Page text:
Up to 1878 4 and 6-wheel coaches are still being built with raised beading on the waists.  Not a match for Triang or the various Ratio sides.  Adams brings in the more modern recessed waist panels.

 

4 compartments from a Triang non-brake coach would make a creditable 28' 6-wheel composite of 1878 - you need arc roof profiles for all these coaches.

 

The 5 compartments from a Triang brake coach would make a creditable 30' 6-wheel second of 1879-1890.

 

It would take the brake end parts from 3 Triang brake coaches to make a 30' 6-wheel brake van of 1882.

 

You could derive both a 30' 6-wheel third and 30' 6-wheel brake third of 1886-90 from Triang brake coaches.

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post-4032-0-68977800-1476226484.jpg

 

No time for modelling now  but hopefully later this week if it doesn't rain further progress will happen...

 

Just picked up on the conversation about the problem of modelling eras that may have been grim to live in.  Food for thought there.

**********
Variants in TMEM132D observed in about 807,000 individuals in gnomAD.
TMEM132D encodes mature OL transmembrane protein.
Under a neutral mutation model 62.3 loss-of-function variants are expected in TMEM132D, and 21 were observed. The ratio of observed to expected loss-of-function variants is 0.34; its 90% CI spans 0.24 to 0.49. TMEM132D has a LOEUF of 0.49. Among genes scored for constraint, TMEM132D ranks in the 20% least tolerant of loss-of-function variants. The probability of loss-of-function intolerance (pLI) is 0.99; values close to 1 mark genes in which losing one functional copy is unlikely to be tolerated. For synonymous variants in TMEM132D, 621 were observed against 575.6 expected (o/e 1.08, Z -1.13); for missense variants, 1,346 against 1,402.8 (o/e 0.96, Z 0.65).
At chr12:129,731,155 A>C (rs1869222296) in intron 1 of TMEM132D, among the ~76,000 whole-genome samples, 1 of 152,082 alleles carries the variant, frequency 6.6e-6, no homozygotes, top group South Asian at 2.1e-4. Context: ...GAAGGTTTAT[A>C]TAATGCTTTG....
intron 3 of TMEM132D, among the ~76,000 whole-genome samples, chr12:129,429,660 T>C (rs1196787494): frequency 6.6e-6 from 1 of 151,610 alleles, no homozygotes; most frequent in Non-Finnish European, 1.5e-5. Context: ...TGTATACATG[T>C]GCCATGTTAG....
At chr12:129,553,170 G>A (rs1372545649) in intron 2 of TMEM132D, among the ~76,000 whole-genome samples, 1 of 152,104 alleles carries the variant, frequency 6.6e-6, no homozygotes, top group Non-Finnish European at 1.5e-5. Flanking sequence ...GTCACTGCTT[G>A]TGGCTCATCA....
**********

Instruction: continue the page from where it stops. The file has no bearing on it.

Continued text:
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attachicon.gifP1180533.JPG

 

No time for modelling now  but hopefully later this week if it doesn't rain further progress will happen...

 

Just picked up on the conversation about the problem of modelling eras that may have been grim to live in.  Food for thought there.

 

Looking good.

 

I recall that, as a child, the thing that brought home to me that the historic railway existed in the, often troubled, real world, was the graffiti that Jack Nelson had added to one of his superb LNWR scenes, which read "Hang the Kaiser"

 

Pre-Grouping graffiti!  Can't say fairer than that!

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I very much enjoyed seeing your work.  It reinforces the point that early Grouping (anything 1935 and older, really) is also seriously neglected, and I think that dividing up consideration of RTR representation between pre and post-Grouping is unhelpful and misses the point. 

 

I have considered the GW in 1935, and realised that it is materially harder to represent this in 4mm compared with, say, 1936 or 1938 (latterly the Hornby Colletts have made a huge difference, however).  Extending this "thought experiment" to the same line in 1929 or 1927 places me in very difficult territory.  Many more older classes extant, fully lined coaches etc.

 

It struck me that if you had been a Southern modeller in the LSW area in OO, you would be no better off in certain regards in 1930 than you would be in, say, 1914.  All the RTR ex-LSW coaching would be too late for you.